It’s the week of mid-terms and I don’t know how many of these I’ll end up pumping out. It’s a Wednesday and I’ve actually been home since about 3 in the afternoon. I have a lot of grading to get to, but I took care of all my test-related items this morning, so I’ll be spending my free time between now and my test (Friday) grading essays. I can’t think of a less satisfying way to spend one’s time, except for maybe watching a Mets game in September. But I digress.
My friend Brett is home for Christmas. He lives in Vegas now. I have no way of knowing this for sure, but apparently he’s doing a whole lot of sinning and not so much citying. What can you do? Anyway, I was working in my classroom on Monday afternoon when I saw his name pop up on my phone. “G-Munz!” I shouted. There was a beat of silence at the other end. “Now I remember why I moved,” Brett said. “Traffic!” I shouted with glee, in part because I was happy I knew the answer to a question he did ask, but also because I was sitting in my classroom instead of in my car.
Brett went on to tell me about how he’d gotten a pretty damn good look at Aloha Stadium because he had been sitting near the exit for something like 20 minutes. That’s small time, Brett. Come home when there’s some shit with a garbage truck or an overpass getting drilled. That’s big boy stuff.
Since I love conspiracies, I absolutely believe that the many simultaneous roadwork projects have been coordinated as such for the purpose of creating traffic. The aim is to raise the anti-traffic movement to a fever pitch in order to sway public opinion in favor of the rail project. Does this seem crazy? Of course it’s not. By the rail advocates’ admission, the rail line would only nominally affect road traffic, buuuuuut if enough people get pissed off enough about having to sit in traffic whenever they leave the house, then rail will seem more palatable based on the logic that doing something is better than doing nothing. If that sounds ridiculous, then why did you buy that thing you didn’t need on Black Friday when you missed out on the thing you really wanted? Yeah, because something is better than nothing.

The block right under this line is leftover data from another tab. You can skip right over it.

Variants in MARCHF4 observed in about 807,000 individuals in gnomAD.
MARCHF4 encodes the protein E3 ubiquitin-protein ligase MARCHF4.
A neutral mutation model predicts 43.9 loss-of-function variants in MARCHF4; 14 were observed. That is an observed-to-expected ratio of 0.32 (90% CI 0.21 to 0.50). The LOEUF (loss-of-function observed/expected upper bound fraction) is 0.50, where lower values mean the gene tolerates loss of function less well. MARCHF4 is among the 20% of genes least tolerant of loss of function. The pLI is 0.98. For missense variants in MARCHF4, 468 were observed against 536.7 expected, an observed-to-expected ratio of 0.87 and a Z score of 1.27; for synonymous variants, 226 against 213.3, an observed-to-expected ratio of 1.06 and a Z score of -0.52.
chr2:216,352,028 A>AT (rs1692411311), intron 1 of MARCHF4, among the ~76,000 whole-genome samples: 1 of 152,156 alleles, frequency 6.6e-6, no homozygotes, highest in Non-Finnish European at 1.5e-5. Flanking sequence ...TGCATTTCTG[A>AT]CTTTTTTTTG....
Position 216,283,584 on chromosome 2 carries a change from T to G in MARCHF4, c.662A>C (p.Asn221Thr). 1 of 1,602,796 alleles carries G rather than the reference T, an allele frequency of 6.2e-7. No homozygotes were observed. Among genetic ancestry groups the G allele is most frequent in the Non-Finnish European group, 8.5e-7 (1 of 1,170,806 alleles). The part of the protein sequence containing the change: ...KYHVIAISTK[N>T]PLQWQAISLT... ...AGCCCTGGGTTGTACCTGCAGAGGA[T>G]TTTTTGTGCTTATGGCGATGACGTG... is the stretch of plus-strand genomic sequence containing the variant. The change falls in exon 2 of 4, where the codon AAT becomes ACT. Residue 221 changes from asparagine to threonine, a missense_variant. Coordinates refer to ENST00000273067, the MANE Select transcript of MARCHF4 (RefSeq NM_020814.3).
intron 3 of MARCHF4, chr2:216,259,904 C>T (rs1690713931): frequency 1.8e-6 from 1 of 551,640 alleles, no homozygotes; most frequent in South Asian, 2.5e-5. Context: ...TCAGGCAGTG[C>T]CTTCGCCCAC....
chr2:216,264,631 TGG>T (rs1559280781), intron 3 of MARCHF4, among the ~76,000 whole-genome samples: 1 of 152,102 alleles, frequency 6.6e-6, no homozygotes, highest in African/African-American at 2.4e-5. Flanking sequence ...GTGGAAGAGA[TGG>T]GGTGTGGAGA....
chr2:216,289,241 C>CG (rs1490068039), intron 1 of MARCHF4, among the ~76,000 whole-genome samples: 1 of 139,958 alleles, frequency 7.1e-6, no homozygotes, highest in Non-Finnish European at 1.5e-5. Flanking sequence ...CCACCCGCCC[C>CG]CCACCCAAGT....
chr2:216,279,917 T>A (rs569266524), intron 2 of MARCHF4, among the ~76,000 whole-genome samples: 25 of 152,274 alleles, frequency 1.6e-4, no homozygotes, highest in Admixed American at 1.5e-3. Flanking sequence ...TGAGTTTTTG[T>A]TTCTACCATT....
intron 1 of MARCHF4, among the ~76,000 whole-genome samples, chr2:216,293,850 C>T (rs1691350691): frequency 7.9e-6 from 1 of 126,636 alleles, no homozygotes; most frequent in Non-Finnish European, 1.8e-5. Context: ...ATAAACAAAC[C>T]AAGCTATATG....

Oahu is a relatively small island. Space is limited. This would be a problem even if the island was perfectly flat, but it isn’t. The topography of Oahu basically resembles two parking cones placed next to each other. You can build roads on the parts that are flat and some of the low inclines. Sometimes you can drill a hole straight through the cone, but it’s rare. But that’s about it.
Traffic is a problem, but it’s only the by-product of a bigger problem that there’s no solution for: overpopulation.They’re not going to build new roads, no major freeways, anyway. I’d like to think that if they were, they would have come up with something by now. The best that can be done is widen them where possible. They can do that magic where they paint three lines instead of two and freaks everyone the hell out.
But they’re going to keep building houses. They’re going to keep building nice townhouses and suburban communities and make money hand over fist. It’s inevitable. More people will be able to live on the island (which isn’t growing to compensate) and more people will be on the roads and there will be more traffic. It’s the only logical conclusion. Short of blowing up and flattening out a mountain range, I don’t see any other option.That’s why when that one commercial with the person getting up at 4:30 in the morning to go to work ran, I laughed. That’s exactly what time I get up. Okay, it’s what time my alarm is set for. But that’s by choice. I sacrifice sleep for a quicker drive to work. Very soon, though, it will be out of necessity. And unless Rail is shipping people off-island one way, it’s not really going to stop that.